Restaurant review

Ombra, Hackney: ‘will make you cry’ – restaurant review

Say that Shadow occupying uninviting premises would be an astounding understatement. It overlooks a canal, which may be charming in Venice but brings little joy to Hackney. It reuses commercial premises, designed in the 1970s without apparent effort, which have fallen into what we could charitably call a scandalous disuse. There is a terrace, which must be buzzing on pleasant summer evenings but which in winter has the only tectonic advantage of protecting you from the view of the A107 with its wall of plastic sheeting.

Inside, they’ve set up a restaurant much like you might set up a forward operating base. But, my God, they prepare food that will make you cry.

Historians have obviously failed to isolate when bologna got so cool. I mean, for years he was the naughty orphan child of the deli board; flabby, lard-speckled meatloaf, ignored by all but the most zealous salumists and then suddenly, bang, you can’t travel east of the Inns of Court for artisanal tube meat. Do not mistake yourself. This reappropriation is a beautiful, beautiful thing. Ombra’s boar mortadella is a minor miracle to say the least, and rolled up on a gnocco fritto – a carbo-puff, somewhere between an incredibly light fried pitta and a bread apple soufflé – it’s enough to sustain a formal decree of beatification, if not actual sainthood.

Cacio & Pepe Gougère, to be brutally honest, didn’t live up to their potential. The little cabbage bombs were fine, but a sprinkle of grated cheese and black pepper isn’t enough. C&P isn’t cheese or pepper, it’s their outrageous union in comforting lipid glop, which is exactly what I want my gougères to be full of. Serving them alongside the gnocco was the kind of mistake you make when you have a double date with your richer, wittier, and handsomer friend.

When I’m king of the world, I think I could get rid of the burrata. It’s too easy to roughly tear, drizzle with oil, and call for an entree. Fortunately, at Shadow, they do neither. The bravely unripped ball of cheese nestles in the curve of a grilled wedge of sweet pumpkin, swallowed in a pool of the same turned into an eerie mash, then topped with crispy fried sage and crumbled Amaretti cookies. It’s a tried-and-true flavor combination, so it’s to their credit that they successfully and memorably delivered it.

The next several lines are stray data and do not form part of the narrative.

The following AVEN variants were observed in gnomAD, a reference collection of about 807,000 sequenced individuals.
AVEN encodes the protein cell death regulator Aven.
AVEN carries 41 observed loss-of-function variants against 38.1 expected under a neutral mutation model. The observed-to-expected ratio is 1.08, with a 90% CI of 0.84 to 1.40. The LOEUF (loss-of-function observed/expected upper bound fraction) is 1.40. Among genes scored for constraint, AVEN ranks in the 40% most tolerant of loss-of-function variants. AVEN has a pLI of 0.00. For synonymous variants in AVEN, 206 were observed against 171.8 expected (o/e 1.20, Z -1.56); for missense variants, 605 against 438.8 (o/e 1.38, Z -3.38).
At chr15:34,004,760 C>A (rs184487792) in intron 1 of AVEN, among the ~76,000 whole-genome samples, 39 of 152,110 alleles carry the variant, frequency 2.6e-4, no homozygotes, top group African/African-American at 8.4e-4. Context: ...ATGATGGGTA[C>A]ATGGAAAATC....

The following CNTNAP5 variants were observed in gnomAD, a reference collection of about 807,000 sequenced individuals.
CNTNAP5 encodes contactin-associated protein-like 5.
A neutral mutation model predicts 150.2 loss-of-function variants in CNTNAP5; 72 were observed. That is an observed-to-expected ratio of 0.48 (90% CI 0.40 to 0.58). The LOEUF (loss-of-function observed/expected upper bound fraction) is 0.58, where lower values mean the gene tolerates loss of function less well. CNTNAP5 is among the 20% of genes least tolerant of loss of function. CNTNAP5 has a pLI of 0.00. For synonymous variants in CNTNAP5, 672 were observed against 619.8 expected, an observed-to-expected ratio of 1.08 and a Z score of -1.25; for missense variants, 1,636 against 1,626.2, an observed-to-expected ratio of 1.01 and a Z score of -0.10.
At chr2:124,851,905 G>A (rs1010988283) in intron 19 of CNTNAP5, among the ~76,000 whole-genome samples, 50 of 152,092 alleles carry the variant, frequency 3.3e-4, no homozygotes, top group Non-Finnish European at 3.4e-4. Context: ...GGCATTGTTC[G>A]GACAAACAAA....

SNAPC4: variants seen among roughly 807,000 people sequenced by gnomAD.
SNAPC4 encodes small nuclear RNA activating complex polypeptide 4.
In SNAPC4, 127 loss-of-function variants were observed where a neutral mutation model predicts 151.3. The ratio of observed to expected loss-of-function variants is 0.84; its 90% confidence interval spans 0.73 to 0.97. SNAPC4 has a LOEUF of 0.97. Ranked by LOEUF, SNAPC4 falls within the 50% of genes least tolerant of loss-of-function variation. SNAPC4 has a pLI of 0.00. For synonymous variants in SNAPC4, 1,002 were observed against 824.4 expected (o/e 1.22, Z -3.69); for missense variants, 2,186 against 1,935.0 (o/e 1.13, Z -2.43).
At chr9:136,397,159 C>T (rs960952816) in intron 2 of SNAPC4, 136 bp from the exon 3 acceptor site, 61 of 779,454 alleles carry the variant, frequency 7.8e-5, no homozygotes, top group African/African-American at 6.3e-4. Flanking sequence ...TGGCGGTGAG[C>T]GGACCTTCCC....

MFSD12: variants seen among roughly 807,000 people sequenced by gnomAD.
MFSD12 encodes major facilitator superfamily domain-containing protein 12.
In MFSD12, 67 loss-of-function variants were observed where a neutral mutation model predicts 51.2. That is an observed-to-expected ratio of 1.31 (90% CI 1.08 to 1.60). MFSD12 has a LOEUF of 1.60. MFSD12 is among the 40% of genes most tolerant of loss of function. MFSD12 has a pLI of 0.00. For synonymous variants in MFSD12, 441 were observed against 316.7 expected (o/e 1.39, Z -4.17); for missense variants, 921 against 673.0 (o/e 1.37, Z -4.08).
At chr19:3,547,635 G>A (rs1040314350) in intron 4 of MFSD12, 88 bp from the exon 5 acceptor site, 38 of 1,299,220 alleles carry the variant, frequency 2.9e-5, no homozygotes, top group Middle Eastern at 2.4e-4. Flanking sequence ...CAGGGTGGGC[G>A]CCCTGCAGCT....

A whole fried Roman artichoke looks and feels like oily potpourri, but it tastes amazing. There’s always a steamed sweet heart, but to get there, you happily eat half a bowl of fibrous chips. . . in the right direction. This is one of those dishes that doesn’t require any complicated dressing. The way the caramelization and bitterness come together with the creamy, ever-subtly flavored core triggers more synapses of joy than any sauce.

The day I’m not drawn to raw meat on a menu, I suggest you take me back through the trash and finish me off with a few brainstem tricks, but raw lamb is a challenge. Lebanese kibbeh nayeh counteracts the lanolin fat of the hash with garlic, onion and spices, but here it’s served plain, to mix it better with a strong tuna mayonnaise – basically tonnato sauce. It’s not a combination I’ve come across before, but it’s inspired. You know how anchovies somehow enhance rare roast lamb? Yeah. This. Power 10. Served with pear and puntarelle, this is my first contender for “dish of the year”.

Dessert was a tiramisu, noble and light, with a stimulating shot of espresso, lots of chocolaty depth and as much detectable alcohol as a 12-step meeting. I don’t know how this is possible. Parsimony was certainly not characteristic of anything else on the menu. Maybe it’s a dry January thing. Anyway, I managed to drown my disappointment in the pears and the taleggio, which at least immediately proclaims its asceticism.

Ombra’s odd layout puts the kitchen halfway up the back wall, like a Royal Box. You can almost feel the chef, watching absolutely everything from above, controlling the proceedings. If that’s how he choreographs such a great experience, then that sounds like a really good thing to me.

Ombra Bar & Restaurant

1 Vyner Street, London E2 9DG; 020 8981 5150; ombrabar.restaurant

Snacks and starters: £2.30-£11
Sector: £11 to £28

Follow Tim on Twitter @TimHayward and send him an e-mail at [email protected]

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